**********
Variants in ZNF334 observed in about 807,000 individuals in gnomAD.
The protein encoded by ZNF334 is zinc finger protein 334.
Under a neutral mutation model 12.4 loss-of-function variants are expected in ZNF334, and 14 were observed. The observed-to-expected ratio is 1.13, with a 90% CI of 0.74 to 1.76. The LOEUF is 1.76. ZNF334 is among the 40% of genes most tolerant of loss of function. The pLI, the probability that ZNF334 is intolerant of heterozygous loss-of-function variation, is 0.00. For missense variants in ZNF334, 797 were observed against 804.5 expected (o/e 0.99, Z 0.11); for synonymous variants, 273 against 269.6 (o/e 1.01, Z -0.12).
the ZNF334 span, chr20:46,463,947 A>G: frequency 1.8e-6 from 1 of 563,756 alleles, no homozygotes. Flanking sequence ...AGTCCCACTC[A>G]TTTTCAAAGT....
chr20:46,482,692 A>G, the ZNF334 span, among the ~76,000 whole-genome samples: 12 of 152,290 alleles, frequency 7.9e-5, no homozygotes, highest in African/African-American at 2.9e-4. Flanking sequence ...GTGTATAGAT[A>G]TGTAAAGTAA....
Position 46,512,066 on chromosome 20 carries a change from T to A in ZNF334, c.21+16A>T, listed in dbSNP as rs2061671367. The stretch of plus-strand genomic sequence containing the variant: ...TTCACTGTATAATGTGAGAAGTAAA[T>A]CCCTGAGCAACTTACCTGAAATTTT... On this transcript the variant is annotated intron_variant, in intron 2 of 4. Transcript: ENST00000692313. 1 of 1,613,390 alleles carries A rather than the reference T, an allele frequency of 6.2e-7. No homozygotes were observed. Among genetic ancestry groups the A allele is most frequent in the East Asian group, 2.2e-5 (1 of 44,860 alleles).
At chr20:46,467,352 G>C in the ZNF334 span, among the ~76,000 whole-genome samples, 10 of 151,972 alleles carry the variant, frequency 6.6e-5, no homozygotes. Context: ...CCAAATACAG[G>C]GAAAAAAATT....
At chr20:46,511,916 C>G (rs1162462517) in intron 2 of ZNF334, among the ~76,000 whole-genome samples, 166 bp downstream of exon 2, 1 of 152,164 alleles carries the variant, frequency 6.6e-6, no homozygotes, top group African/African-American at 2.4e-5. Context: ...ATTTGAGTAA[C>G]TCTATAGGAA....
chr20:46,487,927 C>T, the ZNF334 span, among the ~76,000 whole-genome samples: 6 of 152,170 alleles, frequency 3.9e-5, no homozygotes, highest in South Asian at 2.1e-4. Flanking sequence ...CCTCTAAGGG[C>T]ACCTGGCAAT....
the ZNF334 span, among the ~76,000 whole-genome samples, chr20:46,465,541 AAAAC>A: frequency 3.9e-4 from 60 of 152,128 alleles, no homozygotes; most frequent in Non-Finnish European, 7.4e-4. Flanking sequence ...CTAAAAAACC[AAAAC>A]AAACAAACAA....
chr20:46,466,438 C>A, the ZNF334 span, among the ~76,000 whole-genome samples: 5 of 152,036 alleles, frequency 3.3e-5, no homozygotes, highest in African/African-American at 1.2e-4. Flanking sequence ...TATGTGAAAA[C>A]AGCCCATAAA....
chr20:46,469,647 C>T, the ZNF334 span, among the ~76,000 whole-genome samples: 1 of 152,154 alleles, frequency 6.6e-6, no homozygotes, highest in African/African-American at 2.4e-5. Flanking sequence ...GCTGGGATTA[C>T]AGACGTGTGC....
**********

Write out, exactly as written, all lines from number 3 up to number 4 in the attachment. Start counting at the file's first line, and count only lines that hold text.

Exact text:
Under a neutral mutation model 12.4 loss-of-function variants are expected in ZNF334, and 14 were observed. The observed-to-expected ratio is 1.13, with a 90% CI of 0.74 to 1.76. The LOEUF is 1.76. ZNF334 is among the 40% of genes most tolerant of loss of function. The pLI, the probability that ZNF334 is intolerant of heterozygous loss-of-function variation, is 0.00. For missense variants in ZNF334, 797 were observed against 804.5 expected (o/e 0.99, Z 0.11); for synonymous variants, 273 against 269.6 (o/e 1.01, Z -0.12).
the ZNF334 span, chr20:46,463,947 A>G: frequency 1.8e-6 from 1 of 563,756 alleles, no homozygotes. Flanking sequence ...AGTCCCACTC[A>G]TTTTCAAAGT....